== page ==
"Bankers Should Make More Money Than Average People"


Because it’s winter or something, I’ve been spending (too much of) my time these days going back to first principles. Like: why are there sidewalks? Why do we like bread so much? Why did some buildings in New York get torn down and why not others? What is the deal with cats getting domesticated? So this pullback on assumptions, by James Kwak, about how humans get paid, in a discussion about Goldman Sachs bonuses, is striking: “Investment bankers are overpaid. Now, before all the bankers get all indignant on me, let me say that bankers should make more money than average people, at least according to the normal rules of our society; for one thing, they are, on average, better educated than most people. (As I’ve written before, I don’t think there’s any moral reason why people should make more money simply because they are better educated, or have unique skills, or are more intelligent, or work harder; but that’s the way the world works, and most people are OK with that in principle.)”

I’m stuck on that. Like, stuck for the day on that. Yes, no, maybe so?

If you are interested, he goes on, from there, regarding the specific instance of Goldman:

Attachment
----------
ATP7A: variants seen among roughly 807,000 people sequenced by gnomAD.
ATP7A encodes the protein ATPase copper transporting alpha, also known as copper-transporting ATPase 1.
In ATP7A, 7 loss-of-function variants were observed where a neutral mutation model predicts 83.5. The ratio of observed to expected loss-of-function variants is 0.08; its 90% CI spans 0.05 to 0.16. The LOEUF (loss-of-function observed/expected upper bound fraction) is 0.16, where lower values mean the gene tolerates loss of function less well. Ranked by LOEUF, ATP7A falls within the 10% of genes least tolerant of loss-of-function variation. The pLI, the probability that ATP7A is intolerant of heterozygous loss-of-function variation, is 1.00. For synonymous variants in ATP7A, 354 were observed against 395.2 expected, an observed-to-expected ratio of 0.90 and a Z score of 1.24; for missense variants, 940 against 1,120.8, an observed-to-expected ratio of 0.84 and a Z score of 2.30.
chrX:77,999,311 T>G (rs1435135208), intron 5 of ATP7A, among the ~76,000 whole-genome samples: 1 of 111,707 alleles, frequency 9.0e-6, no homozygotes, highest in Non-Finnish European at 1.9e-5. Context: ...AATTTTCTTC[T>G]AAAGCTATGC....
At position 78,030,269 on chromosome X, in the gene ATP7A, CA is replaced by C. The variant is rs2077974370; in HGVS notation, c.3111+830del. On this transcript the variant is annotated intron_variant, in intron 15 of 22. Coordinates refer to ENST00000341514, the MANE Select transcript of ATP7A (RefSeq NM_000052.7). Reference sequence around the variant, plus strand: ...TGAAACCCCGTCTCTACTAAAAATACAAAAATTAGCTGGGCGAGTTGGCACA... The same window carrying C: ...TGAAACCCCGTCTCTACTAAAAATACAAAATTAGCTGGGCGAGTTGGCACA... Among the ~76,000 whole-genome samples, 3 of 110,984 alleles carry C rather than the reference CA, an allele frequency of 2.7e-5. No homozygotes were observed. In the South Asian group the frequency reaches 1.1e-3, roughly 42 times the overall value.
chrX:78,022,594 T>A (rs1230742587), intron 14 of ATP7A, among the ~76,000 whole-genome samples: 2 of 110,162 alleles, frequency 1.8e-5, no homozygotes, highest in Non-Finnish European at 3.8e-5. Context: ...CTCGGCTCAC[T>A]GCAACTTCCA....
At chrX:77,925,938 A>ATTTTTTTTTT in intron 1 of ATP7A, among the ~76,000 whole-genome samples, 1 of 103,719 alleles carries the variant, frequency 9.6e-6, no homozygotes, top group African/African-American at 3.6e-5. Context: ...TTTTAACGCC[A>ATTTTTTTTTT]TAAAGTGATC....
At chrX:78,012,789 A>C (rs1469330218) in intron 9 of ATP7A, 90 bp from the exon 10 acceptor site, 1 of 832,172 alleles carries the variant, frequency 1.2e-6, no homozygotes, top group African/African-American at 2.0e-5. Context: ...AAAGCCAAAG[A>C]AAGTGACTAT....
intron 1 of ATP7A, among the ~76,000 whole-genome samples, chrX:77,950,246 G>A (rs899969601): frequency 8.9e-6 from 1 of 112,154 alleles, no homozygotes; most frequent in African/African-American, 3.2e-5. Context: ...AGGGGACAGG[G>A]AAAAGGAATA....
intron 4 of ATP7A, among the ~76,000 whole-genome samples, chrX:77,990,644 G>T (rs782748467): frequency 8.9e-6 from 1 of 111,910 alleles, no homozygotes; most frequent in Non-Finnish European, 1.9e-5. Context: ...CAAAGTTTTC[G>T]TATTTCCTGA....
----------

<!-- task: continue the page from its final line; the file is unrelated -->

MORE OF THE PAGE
You would expect wages in finance to be about 30% higher than in the economy at large because of higher education and lower job security; yet… wages in finance were over 70% higher than average earlier this decade. 40 percentage points divided by 1.7 implies that wages should come down by about 25%. This is an industry-wide figure, however, and recent wage growth has been much higher in investment banking than in the rest of the industry (largely banking and insurance), so 25% is probably a very low figure for investment banking. But without more data, that’s the best I can do.

Now, Philippon and Reshef’s data only go through 2006. In 2006, Goldman paid $16.5 billion out of $31.1 billion of its profits to employees (53%, the same as in 2007), which worked out to about $620,000 per employee. (In 2007, that figure was about $660,000.) Subtracting 25%, we get that Goldman employees should have earned abut $470,000 on average. This is probably still much too high, because that 25% figure is undoubtedly far too low for investment banking. But it’s a starting point.